05:57am Monday 01 June 2020

Sad dads spank more, read less

Compared to their non-depressed counterparts, depressed fathers are nearly four times more likely to report spanking their child. Depressed dads are also less likely to read to their children.

Those are the results of a new study to be published in the April print issue of Pediatrics, by University of Michigan Health System researchers. The study was led by R. Neal Davis, a former fellow at the University of Michigan Health System’s Child Health and Evaluation Research (CHEAR) Unit in the Division of General Pediatrics. He is now a pediatrician at Intermountain Healthcare in Murray, Utah.

The study, “Fathers’ Depression Related to Positive and Negative Parenting Behaviors With 1-Year-Old Children,” is now available online.

The researchers studied data from 1,746 fathers of 1-year-old children in the Fragile Families and Child Wellbeing Study. Fathers reported on how often they played with, sang to and read to their kids. They also reported whether they had spanked their kids in the last month and whether they had spoken to their child’s medical provider in the past year. The fathers were also assessed for depression.

Overall, 7 percent of fathers had depression. Of those, 41% said they read to their child at least three times a week, compared with 58% of fathers who weren’t depressed. Forty-one percent of fathers said they had hit their child in the last month—over three times as many as fathers who weren’t depressed.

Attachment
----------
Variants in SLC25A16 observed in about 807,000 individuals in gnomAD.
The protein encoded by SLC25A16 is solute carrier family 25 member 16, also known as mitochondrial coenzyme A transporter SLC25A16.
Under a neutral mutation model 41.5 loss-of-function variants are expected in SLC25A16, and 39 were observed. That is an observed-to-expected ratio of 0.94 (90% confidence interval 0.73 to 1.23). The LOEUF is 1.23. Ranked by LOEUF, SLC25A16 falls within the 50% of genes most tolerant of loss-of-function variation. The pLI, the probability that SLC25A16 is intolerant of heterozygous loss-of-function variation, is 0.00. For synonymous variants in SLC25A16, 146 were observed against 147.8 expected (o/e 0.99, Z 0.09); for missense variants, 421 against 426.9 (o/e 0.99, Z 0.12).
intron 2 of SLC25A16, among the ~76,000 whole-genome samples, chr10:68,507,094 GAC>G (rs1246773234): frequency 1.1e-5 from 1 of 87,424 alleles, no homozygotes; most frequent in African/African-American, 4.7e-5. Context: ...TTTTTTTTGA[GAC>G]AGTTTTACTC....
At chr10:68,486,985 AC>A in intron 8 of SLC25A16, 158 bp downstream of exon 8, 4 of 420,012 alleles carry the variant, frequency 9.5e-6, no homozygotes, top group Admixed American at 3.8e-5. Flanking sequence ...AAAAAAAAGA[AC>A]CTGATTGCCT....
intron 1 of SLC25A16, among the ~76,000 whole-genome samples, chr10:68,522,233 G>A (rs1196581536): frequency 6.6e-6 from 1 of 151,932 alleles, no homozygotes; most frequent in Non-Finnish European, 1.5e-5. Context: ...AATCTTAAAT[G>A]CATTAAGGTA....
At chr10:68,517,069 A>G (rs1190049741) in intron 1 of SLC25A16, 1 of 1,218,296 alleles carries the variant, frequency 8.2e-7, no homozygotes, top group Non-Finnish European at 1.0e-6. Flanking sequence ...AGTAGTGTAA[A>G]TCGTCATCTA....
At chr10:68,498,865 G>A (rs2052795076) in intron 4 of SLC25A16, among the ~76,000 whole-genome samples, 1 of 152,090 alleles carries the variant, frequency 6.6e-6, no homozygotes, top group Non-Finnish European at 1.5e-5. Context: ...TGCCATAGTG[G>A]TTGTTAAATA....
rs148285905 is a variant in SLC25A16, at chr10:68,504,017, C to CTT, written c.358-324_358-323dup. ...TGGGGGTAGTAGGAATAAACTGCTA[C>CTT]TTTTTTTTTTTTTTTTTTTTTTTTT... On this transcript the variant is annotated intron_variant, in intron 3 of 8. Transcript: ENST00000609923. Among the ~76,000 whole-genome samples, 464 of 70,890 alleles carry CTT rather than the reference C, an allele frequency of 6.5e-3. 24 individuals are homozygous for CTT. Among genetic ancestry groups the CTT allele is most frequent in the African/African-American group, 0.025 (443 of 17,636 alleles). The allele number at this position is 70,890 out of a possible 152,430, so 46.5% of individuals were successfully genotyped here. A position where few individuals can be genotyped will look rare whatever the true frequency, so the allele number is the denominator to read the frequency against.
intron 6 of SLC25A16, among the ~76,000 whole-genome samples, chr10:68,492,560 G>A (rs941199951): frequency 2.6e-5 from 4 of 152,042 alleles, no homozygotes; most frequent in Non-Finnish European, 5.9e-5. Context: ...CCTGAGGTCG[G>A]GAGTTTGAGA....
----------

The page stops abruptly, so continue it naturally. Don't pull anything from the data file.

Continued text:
“The effect of mothers’ depression on parenting behaviors has been well established,” said Sarah Clark, senior author on the study. “This study is important because it demonstrates that depression in fathers has very tangible effects on how those fathers interact with their young children.”

The findings also offer an important cue to action, as over three quarters of depressed fathers reported talking to their child’s doctor in the previous year. “This suggests that visits to the pediatrician may provide an ideal opportunity to discuss specific parenting behaviors with fathers and to refer depressed fathers for appropriate treatment,” says Davis.

Authors: In addition to R. Neal Davis, M.D., M.S.c. and Sarah J. Clark, M.P.H., other authors include: Matthew M. Davis, M.D., M.A.P.P., and Gary L. Freed, M.D., M.P.H.

Acknowledgements: Dr. R. Neal Davis was supported by Eunice Kennedy Shriver National Institute of Child Health and Human Development training grant T32 HD07534.

Reference: “Fathers’ Depression Related to Positive and Negative Parenting Behaviors With 1-Year-Old Children,” Pediatrics, DOI:10.1542/peds.2010-1779

About CHEAR: The Child Health Evaluation and Research (CHEAR) Unit of the University of Michigan is a national leader in the analysis of the American health care system and the organization and financing of care for children. Over the past five years the multidisciplinary CHEAR Unit has been awarded over $25 million in research grants from federal, state, and foundation sources.

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